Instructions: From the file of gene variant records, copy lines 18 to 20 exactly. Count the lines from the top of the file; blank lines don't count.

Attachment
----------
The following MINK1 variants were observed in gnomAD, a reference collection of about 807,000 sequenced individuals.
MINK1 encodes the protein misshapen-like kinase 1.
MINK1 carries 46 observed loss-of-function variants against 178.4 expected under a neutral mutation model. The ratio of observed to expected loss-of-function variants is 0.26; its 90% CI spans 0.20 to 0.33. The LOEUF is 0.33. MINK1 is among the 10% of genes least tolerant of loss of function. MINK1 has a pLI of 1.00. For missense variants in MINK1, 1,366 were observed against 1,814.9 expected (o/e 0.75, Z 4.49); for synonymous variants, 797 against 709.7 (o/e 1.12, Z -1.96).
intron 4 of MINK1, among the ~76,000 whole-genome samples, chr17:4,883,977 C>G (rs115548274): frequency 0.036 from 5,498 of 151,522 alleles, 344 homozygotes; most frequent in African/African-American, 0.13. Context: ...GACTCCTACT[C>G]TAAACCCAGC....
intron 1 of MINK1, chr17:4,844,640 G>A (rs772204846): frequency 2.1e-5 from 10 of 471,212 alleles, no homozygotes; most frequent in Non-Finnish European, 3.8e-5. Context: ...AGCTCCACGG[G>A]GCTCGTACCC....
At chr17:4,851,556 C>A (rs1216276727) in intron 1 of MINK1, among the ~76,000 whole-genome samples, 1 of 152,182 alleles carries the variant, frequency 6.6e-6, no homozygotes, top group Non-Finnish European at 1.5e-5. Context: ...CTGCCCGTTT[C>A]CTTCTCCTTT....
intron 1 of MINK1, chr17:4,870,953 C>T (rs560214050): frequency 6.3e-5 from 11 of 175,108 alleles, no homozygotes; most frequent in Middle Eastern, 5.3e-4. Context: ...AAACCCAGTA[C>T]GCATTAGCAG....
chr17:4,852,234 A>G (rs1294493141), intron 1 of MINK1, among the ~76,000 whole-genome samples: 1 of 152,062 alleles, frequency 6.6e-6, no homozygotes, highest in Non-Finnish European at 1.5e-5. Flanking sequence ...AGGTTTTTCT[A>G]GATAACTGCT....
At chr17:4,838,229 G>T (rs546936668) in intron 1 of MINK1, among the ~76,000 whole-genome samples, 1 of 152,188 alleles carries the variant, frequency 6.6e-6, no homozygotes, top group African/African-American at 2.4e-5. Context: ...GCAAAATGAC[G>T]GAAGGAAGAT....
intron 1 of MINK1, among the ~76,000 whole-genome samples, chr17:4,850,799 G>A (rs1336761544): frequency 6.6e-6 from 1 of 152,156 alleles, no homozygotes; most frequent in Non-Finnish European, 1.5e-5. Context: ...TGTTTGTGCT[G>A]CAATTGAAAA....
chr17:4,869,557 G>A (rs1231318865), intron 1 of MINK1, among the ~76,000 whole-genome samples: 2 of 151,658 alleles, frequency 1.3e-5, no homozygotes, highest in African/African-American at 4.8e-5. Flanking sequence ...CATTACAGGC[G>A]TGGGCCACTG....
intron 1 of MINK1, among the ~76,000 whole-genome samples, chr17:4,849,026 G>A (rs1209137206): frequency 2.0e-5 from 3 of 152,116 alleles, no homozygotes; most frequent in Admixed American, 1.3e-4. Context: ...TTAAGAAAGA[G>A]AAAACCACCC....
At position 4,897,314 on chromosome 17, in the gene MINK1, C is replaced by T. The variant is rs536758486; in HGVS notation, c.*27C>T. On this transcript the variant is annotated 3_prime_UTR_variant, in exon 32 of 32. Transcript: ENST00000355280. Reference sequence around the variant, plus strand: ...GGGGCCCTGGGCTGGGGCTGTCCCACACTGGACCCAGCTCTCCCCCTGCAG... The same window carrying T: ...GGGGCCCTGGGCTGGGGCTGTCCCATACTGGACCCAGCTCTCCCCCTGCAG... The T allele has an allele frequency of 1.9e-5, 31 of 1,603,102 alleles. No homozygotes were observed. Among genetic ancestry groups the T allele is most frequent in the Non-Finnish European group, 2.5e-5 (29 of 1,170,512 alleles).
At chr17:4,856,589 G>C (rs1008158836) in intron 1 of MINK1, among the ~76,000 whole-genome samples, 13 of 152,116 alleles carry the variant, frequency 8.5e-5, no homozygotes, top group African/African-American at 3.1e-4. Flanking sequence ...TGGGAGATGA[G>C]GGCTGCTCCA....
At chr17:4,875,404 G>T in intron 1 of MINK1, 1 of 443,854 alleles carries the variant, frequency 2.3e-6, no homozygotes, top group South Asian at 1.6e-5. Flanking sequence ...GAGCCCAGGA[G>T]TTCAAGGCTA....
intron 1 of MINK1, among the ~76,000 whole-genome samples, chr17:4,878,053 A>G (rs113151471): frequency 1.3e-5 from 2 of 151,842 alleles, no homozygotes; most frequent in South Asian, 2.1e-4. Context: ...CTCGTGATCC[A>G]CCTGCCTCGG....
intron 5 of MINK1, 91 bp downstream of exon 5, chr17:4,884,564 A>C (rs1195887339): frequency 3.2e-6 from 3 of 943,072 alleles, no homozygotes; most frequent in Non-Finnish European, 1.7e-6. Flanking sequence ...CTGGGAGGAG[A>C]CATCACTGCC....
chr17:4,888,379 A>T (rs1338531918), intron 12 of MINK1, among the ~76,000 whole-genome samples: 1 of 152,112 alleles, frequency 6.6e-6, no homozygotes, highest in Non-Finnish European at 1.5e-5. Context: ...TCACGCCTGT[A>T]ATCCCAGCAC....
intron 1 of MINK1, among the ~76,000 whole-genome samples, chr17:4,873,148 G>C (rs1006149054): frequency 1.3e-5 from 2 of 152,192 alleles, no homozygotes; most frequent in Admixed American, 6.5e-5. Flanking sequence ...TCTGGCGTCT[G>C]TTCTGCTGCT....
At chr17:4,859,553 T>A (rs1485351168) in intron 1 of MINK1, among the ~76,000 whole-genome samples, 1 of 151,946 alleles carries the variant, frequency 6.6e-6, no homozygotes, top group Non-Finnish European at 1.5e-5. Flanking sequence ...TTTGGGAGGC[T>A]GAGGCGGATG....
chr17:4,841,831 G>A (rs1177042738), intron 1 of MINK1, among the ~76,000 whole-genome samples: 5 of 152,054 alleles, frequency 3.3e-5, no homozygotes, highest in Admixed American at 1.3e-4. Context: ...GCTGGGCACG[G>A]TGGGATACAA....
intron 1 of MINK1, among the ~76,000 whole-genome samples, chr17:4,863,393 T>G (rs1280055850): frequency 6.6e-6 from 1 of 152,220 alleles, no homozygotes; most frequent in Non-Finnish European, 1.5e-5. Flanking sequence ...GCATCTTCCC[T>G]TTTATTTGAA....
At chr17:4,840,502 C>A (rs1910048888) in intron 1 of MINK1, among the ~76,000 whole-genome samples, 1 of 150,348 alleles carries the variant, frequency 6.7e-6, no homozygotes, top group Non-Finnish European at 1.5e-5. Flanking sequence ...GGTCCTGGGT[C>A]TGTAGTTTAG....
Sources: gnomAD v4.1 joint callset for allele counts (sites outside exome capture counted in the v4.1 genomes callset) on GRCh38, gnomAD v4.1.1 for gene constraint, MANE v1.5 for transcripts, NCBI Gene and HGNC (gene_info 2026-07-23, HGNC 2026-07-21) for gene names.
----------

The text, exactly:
chr17:4,888,379 A>T (rs1338531918), intron 12 of MINK1, among the ~76,000 whole-genome samples: 1 of 152,112 alleles, frequency 6.6e-6, no homozygotes, highest in Non-Finnish European at 1.5e-5. Context: ...TCACGCCTGT[A>T]ATCCCAGCAC....
intron 1 of MINK1, among the ~76,000 whole-genome samples, chr17:4,873,148 G>C (rs1006149054): frequency 1.3e-5 from 2 of 152,192 alleles, no homozygotes; most frequent in Admixed American, 6.5e-5. Flanking sequence ...TCTGGCGTCT[G>C]TTCTGCTGCT....
At chr17:4,859,553 T>A (rs1485351168) in intron 1 of MINK1, among the ~76,000 whole-genome samples, 1 of 151,946 alleles carries the variant, frequency 6.6e-6, no homozygotes, top group Non-Finnish European at 1.5e-5. Flanking sequence ...TTTGGGAGGC[T>A]GAGGCGGATG....